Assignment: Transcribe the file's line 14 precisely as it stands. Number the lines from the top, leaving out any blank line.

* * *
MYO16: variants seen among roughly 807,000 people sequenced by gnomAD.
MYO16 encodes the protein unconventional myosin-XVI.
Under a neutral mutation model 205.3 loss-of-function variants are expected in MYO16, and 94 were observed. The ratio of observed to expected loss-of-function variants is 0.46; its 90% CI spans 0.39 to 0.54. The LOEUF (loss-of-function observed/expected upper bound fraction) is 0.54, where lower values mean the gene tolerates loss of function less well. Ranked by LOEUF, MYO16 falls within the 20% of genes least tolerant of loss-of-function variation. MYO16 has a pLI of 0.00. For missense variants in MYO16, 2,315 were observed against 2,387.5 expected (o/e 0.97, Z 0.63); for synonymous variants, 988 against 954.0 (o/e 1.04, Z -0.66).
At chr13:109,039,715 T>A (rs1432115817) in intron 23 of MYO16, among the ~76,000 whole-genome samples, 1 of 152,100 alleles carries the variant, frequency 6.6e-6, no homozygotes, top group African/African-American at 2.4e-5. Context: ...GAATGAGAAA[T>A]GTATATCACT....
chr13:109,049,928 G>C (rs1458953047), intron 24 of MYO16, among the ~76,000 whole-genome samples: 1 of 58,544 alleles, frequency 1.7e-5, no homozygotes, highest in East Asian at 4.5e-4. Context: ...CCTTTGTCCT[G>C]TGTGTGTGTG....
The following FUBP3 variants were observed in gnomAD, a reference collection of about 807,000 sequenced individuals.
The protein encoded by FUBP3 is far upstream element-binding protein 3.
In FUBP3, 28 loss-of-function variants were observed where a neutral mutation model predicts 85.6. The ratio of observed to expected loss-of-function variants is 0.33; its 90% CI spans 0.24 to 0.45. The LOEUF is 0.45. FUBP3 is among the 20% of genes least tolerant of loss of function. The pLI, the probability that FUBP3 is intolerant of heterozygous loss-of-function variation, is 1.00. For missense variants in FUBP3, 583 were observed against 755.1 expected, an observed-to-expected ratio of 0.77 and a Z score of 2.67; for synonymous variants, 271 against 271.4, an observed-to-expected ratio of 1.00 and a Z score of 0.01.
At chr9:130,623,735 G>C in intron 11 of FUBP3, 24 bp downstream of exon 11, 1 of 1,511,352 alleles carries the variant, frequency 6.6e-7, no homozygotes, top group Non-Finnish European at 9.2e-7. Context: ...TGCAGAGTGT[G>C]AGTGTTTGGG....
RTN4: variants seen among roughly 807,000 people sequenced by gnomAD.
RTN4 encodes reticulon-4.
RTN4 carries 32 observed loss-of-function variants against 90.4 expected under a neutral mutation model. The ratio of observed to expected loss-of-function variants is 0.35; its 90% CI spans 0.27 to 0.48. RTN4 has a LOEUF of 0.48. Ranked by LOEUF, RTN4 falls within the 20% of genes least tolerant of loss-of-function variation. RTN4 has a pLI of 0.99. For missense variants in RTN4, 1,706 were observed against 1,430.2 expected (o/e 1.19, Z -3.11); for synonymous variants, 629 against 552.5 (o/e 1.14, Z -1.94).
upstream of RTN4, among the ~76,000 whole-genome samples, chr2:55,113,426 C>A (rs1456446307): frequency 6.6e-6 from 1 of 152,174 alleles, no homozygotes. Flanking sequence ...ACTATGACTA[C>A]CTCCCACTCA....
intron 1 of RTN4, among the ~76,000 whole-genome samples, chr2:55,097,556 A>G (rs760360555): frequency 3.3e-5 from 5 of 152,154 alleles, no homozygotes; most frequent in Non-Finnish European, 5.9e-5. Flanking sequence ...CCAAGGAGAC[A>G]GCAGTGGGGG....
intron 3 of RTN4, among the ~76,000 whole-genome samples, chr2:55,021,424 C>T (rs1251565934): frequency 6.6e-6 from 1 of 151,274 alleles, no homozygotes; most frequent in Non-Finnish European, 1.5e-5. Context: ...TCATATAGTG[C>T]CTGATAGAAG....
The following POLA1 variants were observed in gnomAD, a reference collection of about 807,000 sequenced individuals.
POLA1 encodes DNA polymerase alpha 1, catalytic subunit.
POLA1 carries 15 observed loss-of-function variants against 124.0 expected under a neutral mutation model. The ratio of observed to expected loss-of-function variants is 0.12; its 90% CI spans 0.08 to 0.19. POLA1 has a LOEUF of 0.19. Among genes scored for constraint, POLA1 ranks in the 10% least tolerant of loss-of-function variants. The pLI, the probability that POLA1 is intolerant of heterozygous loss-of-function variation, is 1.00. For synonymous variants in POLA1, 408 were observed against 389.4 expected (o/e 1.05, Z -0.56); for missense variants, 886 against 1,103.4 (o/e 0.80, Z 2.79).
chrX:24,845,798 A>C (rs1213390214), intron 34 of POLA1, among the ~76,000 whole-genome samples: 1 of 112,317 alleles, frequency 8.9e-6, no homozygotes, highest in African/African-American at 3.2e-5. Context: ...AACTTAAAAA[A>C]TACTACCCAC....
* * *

intron 1 of RTN4, among the ~76,000 whole-genome samples, chr2:55,097,556 A>G (rs760360555): frequency 3.3e-5 from 5 of 152,154 alleles, no homozygotes; most frequent in Non-Finnish European, 5.9e-5. Flanking sequence ...CCAAGGAGAC[A>G]GCAGTGGGGG....